I will admit though that the old oil that came out of the diff seemed like it was in good condition. I spilled a few drops on the white plastic sheet I had laid below the vehicle and some of it was almost clear and the oil didn't smell stink like old diff oil usually does.

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Re: General Maintainence Dept. for the DIY in all of us.

Postby *Phoenix* » November 7th, 2011, 8:11 pm

Good write-up and nice pics.. ;)

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Re: General Maintainence Dept. for the DIY in all of us.

Postby Jeremy Mohd » November 9th, 2011, 4:37 pm

First 20,000km!?

Have to recheck my manual.. Dont remember that.

I am almost at 40K and I am sure McEny have never changed it.

Good info, great pics.

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Re: General Maintainence Dept. for the DIY in all of us.

Postby lighthammer » November 9th, 2011, 9:06 pm

Jeremy! Garage lime!!

(shortest garage lime evar... but that's ok, maracas then LC after!)

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Re: General Maintainence Dept. for the DIY in all of us.

Postby Ronnie203 » March 8th, 2012, 8:42 pm

what diff and gear box oil is recommened for the 4x2 Manual Navara ?

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Cooper
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Re: General Maintainence Dept. for the DIY in all of us.

Postby Cooper » April 18th, 2012, 5:03 pm

Had a minor problem with my starter today so I thought I'd post up a guide to troubleshoot your starting system. It's approximately 10 minutes long but worth a look.

Please note: you will need a multimeter and a friend to help you turn the key to take measurements. Also, most of us who have manual transmissions, may not have a clutch pedal switch, so you can ignore that part of the wiring diagram.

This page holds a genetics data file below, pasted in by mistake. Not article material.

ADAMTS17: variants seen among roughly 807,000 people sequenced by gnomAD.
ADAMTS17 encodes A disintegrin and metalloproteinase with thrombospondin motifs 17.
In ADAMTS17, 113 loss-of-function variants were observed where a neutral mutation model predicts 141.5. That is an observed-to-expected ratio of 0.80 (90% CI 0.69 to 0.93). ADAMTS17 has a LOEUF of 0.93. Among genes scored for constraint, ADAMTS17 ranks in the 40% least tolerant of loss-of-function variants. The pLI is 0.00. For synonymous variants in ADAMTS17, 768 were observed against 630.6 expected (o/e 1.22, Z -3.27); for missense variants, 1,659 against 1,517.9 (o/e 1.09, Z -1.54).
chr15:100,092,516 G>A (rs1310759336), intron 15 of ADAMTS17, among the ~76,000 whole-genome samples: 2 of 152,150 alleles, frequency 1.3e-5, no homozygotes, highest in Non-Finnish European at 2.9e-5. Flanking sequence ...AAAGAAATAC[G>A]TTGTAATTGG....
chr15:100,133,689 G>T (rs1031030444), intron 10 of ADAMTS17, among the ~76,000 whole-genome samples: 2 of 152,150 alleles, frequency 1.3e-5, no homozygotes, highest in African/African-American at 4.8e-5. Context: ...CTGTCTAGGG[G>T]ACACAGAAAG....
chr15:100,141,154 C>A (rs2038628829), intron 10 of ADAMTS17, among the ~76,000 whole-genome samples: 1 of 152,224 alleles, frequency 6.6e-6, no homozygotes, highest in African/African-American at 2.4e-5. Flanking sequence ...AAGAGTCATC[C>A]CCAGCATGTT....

By the way the folllowing points are for the Ford Ranger WLT engine:-

- On the starter the minimum voltage on the "S wire" or trigger wire is supposed to be at least 8 volts.

Checking your Battery & Charging System:

- The minimum voltage across the battery terminals (with the engine off) should be at least 12.4 volts. Any less, your Battery is failing.

- Voltage across the terminals while cranking the engine should be at least 10volts. Any less the battery is failing.

- Voltage across the terminals while the engine is running should be above 14 volts. Any lower means your charging system is failing.


**values may vary for different vehicles, I got these from the Ranger Service Manual.

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Re: General Maintainence Dept. for the DIY in all of us.

Postby 323_wagon_dude » April 19th, 2012, 8:53 am

Good info there Coop...

The last minute or so about the voltage from +ve to starter and -ve to starter was good. I used to just test for continuity not the actual voltage across the wires.

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Re: General Maintainence Dept. for the DIY in all of us.

Postby Cooper » April 19th, 2012, 6:12 pm

Thanks Man :!:

Learning about the electrical system in a vehicle can help you out in a jam. I remember the last vehicle I owned had some corroded wires connected to the ignition relay in the alarm control module. The dashboard sometimes used to flash like a christmas tree and the car would shut off.

Knowing stuff like what is shown in the video helped me to bypass the alarm and still use the vehicle like normal.



....also gave me some valuable info in case I needed to steal a car :lol:

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Cooper
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Re: General Maintainence Dept. for the DIY in all of us.

Postby Cooper » April 19th, 2012, 6:40 pm

Found some info on the removal & inspection of the Glow Plugs for the WL engine:

Image

Image

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lighthammer